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TMC's Robyn Estrada: The rest and recovery

TMC junior aims to reclaim an NCCAA championship as well as her health

Posted: September 7, 2010 10:42 p.m.
Updated: September 8, 2010 4:55 a.m.

The Master’s College junior forward Robyn Estrada looks to help her team defend its 2009 National Christian College Athletic Association National Tournament title this season. But in order to do so, she must continue to overcome the many ailments that could have derailed her career along the way.

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Robyn Estrada’s biggest concern is getting back with teammates on the soccer field.

For The Master’s College’s junior forward, her teammates always come first, even while she tries to recover from a debilitating stomach virus.

“I love my team,” Estrada says. “A lot of them are my sisters and some of my best friends are on that team.”

The infection, which she discovered shortly after returning from a summer mission trip to Haiti, has already cost her valuable playing time this year.

Just four games into the 2010 season, she’s played an average of about 30 minutes per contest, well below normal for the team’s leading scorer two seasons ago.

Estrada was the second-leading scorer for the team last year despite playing half the minutes she did the previous year due to groin problems and pneumonia. Add in the fact that she contracted bronchitis her freshman year and she has yet to stay healthy through an entire season.

“It’s been a bit of a roller coaster for her,” says TMC head coach Curtis Lewis.

During the Mustangs’ most recent match against William Jessup University on Sept. 4, Estrada played part of the game, but didn’t perform like her usual self. She left the game in tears because of a mixture of stomach pain and frustration.

“If you typically do something very well and now you can’t, that’s got to be difficult,” Lewis says. “We’re just trying to keep her encouraged and keep her healthy.”

Regardless of the inconveniences, Estrada remains focused on helping her team defend its 2009 National Christian College Athletic Association National Tournament championship. She says this team has developed a strong chemistry in the years she’s been there, especially since TMC lost only one player to graduation last year.

Things began to turn around for the program in 2008, Estrada’s freshman year. The Mustangs went 2-12-2 in 2007, but Lewis recruited top-notch local talents like Estrada, defender Bobbie Roberts and midfielder Andrea Reyes the next year.

“My dream was always to go play (Division) I,” Estrada recalls. “I just saw the way (Lewis) ran his program and I just really wanted to be a part of it.”

Once a standout player at Desert Christian High School in Lancaster and OJSC Barcelona Soccer Club, Estrada received interest from Division I schools like UCLA.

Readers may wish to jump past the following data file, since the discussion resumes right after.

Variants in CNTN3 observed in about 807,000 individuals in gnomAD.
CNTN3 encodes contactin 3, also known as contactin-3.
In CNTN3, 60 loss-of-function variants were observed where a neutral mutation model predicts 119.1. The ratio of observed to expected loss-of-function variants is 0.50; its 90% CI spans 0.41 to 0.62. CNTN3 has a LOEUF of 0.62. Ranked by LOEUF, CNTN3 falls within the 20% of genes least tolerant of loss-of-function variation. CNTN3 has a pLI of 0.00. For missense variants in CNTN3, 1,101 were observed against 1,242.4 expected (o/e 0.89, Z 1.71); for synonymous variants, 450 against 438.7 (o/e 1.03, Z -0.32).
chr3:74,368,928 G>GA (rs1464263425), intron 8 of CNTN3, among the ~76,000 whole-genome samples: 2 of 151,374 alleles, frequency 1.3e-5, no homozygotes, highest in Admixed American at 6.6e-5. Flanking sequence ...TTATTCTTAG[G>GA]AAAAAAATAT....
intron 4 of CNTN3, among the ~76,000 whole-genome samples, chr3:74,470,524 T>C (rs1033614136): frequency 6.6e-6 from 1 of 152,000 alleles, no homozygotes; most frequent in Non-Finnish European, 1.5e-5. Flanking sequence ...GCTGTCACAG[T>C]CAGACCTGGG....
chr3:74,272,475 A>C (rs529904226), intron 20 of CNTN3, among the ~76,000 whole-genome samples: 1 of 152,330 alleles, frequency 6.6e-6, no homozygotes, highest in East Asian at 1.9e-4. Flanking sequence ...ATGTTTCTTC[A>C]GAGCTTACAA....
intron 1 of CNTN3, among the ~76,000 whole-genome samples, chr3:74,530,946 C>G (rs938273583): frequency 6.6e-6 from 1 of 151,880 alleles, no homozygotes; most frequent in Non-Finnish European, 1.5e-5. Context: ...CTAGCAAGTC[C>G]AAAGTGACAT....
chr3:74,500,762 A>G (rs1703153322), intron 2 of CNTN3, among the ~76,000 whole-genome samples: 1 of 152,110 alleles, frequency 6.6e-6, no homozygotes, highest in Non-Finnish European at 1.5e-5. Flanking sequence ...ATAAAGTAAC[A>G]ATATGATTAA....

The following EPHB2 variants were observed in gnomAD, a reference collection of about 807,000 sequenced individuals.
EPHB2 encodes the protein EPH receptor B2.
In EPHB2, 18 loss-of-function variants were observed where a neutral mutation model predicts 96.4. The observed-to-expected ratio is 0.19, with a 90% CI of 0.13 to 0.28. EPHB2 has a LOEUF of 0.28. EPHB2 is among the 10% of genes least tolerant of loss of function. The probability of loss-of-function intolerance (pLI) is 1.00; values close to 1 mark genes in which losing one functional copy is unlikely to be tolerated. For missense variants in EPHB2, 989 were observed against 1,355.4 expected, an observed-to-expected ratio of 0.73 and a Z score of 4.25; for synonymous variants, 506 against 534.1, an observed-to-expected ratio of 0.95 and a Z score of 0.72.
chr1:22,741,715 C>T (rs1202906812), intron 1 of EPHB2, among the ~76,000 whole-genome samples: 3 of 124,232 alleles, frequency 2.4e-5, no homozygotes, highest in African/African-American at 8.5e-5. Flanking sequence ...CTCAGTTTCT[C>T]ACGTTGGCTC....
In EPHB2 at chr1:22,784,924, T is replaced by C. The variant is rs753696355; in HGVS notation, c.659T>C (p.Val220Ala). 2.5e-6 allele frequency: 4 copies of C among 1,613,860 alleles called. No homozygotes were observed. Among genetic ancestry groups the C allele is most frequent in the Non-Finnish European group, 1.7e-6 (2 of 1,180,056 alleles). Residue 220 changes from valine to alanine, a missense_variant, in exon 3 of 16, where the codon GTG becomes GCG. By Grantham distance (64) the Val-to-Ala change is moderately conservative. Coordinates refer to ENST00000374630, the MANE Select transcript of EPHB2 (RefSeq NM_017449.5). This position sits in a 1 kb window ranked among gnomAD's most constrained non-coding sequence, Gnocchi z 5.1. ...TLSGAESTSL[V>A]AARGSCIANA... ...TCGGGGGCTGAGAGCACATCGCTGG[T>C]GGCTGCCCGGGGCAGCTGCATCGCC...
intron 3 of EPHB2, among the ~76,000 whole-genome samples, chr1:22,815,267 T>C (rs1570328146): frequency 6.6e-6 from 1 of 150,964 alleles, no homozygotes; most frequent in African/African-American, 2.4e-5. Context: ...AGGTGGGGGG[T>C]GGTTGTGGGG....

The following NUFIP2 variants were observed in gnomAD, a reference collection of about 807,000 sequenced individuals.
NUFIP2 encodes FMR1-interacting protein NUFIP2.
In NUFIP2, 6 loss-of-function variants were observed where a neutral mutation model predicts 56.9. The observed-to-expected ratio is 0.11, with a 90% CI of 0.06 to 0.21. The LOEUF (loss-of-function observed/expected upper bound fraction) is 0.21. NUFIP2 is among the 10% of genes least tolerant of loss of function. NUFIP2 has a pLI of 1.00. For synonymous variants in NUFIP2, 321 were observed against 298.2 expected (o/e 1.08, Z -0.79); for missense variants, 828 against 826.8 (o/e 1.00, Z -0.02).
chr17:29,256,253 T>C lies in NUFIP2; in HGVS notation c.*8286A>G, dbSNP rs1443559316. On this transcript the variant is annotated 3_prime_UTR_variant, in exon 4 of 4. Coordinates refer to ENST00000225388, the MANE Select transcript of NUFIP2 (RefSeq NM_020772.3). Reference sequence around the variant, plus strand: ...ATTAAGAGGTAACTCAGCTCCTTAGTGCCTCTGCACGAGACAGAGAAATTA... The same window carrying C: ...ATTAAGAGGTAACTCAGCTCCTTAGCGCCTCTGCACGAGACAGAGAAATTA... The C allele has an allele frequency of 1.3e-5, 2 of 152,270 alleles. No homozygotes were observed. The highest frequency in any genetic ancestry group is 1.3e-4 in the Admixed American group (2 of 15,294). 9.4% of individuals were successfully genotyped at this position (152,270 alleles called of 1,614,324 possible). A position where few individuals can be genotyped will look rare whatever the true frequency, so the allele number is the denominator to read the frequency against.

She liked the atmosphere and low-pressure environment offered at The Master’s College. The school made it easy for her to play her own game, continue her religious endeavors and remain close to her family living in nearby Palmdale.

“I don’t know if I would have been playing right now because I would have been burnt out,” she says.

“I didn’t want to get burned out from soccer,” she added.

The team’s new look in 2008 showed results right away, going 13-9-1 and losing in the National Tournament final. Estrada scored 11 goals and recorded 28 points that season, both team highs.

“She’s the type of person that you don’t want to take off the field because you know something special is going to happen,” Lewis says.

In 2009, the Mustangs finished what they started in 2008 and won the championship, finishing with a 15-5-2 record. Lewis said with his coaching style that emphasizes strong Christian values and relationships more than simply winning and losing, it frees up players to use their own techniques, even if they’re a bit unorthodox.

“Half the time when I’m dribbling the ball, I don’t really know where I’m going, but I go.” Estrada says. “And it works.”

It isn’t that the Mustangs aren’t competitive, Lewis explains, they just play how they want to play. For a team that hasn’t traditionally been a powerhouse at the NAIA level, TMC has to show possible recruits it has a unique approach.

“It’s kind of like the story of Boise State because you’re not necessarily a big-time school, but you start getting that recognition,” Lewis says of the changes after winning a championship.

Estrada, who is considering sitting out a few games to fully recover from her ailment, still has visions of playing her way into TMC record books. When her career is all said and done at the school, she wants to be known as a leader and a hard worker for her teammates.

“If I broke some school records, it wouldn’t mean as much to me as some of the stuff off the field,” she says.

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